How to Attack a Low-Block



Atletico Madrid play a low block against Manchester City

In modern football, more and more teams defend in low-blocks, or in other words they park the bus as José Mourinho used to say. Therefore, as a coach, knowing how to attack a low-block is key to ensure success in your team. Facing a low block can present a unique set of challenges for teams looking to break down their opponents. To navigate this situation successfully, it is essential to recognize the game context and employ both team and player principles. In this article, we delve into the key points on how to attack a low block, focusing on contextual awareness and team principles that can elevate your team’s performance on the field.

Game Context: Recognizing the Challenge

Understanding the dynamics of a low block is the first step toward overcoming it. So, what do we mean when we talk about teams attacking against in a low block? In these situations, teams often encounter a high-density defensive structure with limited spaces between lines. Additionally, there is very limited space behind the defensive line, making it challenging to exploit movements in the backline. Opponents are compact and ready to launch counterattacks swiftly, so aside from finding the solutions to break the defensive block it is important also to protect the team against potential counter-attacks.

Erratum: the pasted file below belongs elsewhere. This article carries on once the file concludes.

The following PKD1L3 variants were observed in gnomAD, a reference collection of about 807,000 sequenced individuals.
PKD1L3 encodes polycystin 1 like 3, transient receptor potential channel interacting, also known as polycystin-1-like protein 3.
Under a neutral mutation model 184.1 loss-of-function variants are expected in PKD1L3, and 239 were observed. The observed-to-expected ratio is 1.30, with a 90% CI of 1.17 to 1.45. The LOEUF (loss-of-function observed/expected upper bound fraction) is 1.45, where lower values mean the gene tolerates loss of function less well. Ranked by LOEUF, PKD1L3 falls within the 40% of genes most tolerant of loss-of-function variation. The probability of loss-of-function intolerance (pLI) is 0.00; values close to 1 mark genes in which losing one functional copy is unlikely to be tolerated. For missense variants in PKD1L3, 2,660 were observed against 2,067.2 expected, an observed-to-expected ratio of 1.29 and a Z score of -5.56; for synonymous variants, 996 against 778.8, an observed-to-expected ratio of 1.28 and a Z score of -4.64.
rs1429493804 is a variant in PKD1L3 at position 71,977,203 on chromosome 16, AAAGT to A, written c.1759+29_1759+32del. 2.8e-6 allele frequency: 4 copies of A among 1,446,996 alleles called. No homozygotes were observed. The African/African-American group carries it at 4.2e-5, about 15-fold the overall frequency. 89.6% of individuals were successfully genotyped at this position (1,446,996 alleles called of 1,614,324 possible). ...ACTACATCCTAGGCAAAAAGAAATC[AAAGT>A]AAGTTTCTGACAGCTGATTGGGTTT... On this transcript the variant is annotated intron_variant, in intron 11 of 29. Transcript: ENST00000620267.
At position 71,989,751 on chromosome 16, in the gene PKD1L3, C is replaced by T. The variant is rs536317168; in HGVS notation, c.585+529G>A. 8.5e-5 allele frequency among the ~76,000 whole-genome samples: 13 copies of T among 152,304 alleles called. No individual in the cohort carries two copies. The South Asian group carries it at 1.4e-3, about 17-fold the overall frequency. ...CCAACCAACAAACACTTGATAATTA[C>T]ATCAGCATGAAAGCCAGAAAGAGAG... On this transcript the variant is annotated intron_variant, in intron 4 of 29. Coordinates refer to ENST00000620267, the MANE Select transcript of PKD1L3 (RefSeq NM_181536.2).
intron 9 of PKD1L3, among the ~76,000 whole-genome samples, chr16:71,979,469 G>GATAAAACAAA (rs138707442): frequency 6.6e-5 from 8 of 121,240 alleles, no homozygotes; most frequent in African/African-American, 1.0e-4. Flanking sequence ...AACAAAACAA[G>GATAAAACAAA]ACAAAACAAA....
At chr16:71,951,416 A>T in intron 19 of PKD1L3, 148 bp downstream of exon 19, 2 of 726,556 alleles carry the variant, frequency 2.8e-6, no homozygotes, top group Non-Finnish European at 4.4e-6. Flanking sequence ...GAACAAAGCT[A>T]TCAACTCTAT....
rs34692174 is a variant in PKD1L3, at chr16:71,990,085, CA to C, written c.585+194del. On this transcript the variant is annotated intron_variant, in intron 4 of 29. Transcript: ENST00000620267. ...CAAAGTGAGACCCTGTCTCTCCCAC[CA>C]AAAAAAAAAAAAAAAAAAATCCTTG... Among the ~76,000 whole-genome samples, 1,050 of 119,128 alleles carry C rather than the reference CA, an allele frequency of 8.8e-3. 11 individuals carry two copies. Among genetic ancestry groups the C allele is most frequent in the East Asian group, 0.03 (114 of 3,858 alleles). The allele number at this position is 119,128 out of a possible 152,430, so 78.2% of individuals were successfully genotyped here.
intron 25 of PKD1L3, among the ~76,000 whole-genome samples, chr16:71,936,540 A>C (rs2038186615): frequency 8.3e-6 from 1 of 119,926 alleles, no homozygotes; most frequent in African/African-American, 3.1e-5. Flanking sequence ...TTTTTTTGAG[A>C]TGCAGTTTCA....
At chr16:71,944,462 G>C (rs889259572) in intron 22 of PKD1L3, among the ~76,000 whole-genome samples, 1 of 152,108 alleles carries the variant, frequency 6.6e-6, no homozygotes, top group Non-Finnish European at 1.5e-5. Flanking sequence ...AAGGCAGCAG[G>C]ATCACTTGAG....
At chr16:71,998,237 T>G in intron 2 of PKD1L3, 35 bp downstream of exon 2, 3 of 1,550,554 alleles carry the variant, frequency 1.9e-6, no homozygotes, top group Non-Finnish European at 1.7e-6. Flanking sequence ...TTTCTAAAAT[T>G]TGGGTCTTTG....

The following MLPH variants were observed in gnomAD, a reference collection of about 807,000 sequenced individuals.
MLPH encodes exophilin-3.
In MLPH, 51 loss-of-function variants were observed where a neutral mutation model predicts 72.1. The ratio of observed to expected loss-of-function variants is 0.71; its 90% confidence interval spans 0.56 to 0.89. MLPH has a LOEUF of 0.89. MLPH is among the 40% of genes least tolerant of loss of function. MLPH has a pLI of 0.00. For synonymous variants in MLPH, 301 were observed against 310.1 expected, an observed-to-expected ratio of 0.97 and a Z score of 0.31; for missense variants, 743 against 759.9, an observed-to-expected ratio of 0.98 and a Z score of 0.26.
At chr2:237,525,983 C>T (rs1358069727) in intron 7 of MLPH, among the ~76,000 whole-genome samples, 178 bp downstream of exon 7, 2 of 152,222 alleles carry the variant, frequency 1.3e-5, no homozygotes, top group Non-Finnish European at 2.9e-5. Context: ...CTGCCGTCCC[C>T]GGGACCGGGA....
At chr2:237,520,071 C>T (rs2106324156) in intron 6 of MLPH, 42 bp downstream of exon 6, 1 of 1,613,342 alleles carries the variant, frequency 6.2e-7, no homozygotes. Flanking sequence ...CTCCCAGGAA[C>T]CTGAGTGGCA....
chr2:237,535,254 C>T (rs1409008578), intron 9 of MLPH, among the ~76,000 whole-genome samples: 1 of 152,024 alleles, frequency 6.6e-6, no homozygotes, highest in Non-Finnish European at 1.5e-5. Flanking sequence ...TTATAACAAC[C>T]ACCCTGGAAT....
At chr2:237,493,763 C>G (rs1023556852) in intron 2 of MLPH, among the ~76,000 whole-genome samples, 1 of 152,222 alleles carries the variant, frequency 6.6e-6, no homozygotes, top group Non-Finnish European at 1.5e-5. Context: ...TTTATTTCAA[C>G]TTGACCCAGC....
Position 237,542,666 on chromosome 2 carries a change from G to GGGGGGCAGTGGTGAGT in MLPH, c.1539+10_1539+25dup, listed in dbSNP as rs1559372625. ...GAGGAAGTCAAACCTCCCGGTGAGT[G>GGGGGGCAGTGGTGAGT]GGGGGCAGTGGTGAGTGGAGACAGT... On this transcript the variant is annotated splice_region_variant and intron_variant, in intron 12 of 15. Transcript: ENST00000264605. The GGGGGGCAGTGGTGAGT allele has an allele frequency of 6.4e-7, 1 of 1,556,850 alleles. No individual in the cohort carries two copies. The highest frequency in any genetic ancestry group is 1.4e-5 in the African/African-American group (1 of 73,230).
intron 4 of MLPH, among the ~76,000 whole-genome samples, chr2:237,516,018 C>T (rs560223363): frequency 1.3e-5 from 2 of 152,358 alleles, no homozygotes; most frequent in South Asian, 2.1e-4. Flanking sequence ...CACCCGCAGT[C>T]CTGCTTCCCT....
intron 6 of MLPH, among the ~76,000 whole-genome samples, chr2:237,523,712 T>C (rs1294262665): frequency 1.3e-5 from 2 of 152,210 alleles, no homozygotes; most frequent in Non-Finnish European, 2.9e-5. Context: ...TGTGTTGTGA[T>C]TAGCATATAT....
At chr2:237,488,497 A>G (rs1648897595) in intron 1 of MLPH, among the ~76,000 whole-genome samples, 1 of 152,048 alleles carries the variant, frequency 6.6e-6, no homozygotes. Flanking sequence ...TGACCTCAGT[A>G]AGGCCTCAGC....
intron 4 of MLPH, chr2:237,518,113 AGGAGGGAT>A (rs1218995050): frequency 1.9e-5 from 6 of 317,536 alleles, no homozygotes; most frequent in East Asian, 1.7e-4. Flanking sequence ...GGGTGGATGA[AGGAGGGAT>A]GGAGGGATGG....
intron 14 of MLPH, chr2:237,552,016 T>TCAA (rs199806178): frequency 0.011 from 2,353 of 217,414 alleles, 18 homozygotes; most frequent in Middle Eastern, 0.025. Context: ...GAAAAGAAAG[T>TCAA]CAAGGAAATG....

So, let’s see 4 team principles that will help you attack against a low block.


Team Structure: Ensuring Width and Defensive Responsibility

The first principle we must consider when attacking a low-block is having a good structure. In other words, it is crucial to ensure the team occupies spaces in a rational way. This includes having enough players and a good organization in inner spaces, utilizing width effectively, and ensuring that defensive responsibilities are maintained during the attacking phases.

  • Structure inside
  • Players in width
  • Defensive responsibility while the team is attacking

In the examples below, we can see which position players create width on different teams. In Manchester City it is the wingers, while in Liverpool it is the fullbacks.

Riyad Mahrez (Manchester City) provides the creation of width, one of the main principles to attack a Low-Block.


In this situation, Riyad Mahrez (Winger) provides the creation of width allowing the team to find him in an advantageous position to cross.

Andrew Robertson is responsible for creating width in the offense


On the other hand, in this example from Liverpool FC it is Andrew Robertson (Full Back) who is responsible for providing width in attack.

Ball Circulation Strategies: Generating Collective Advantages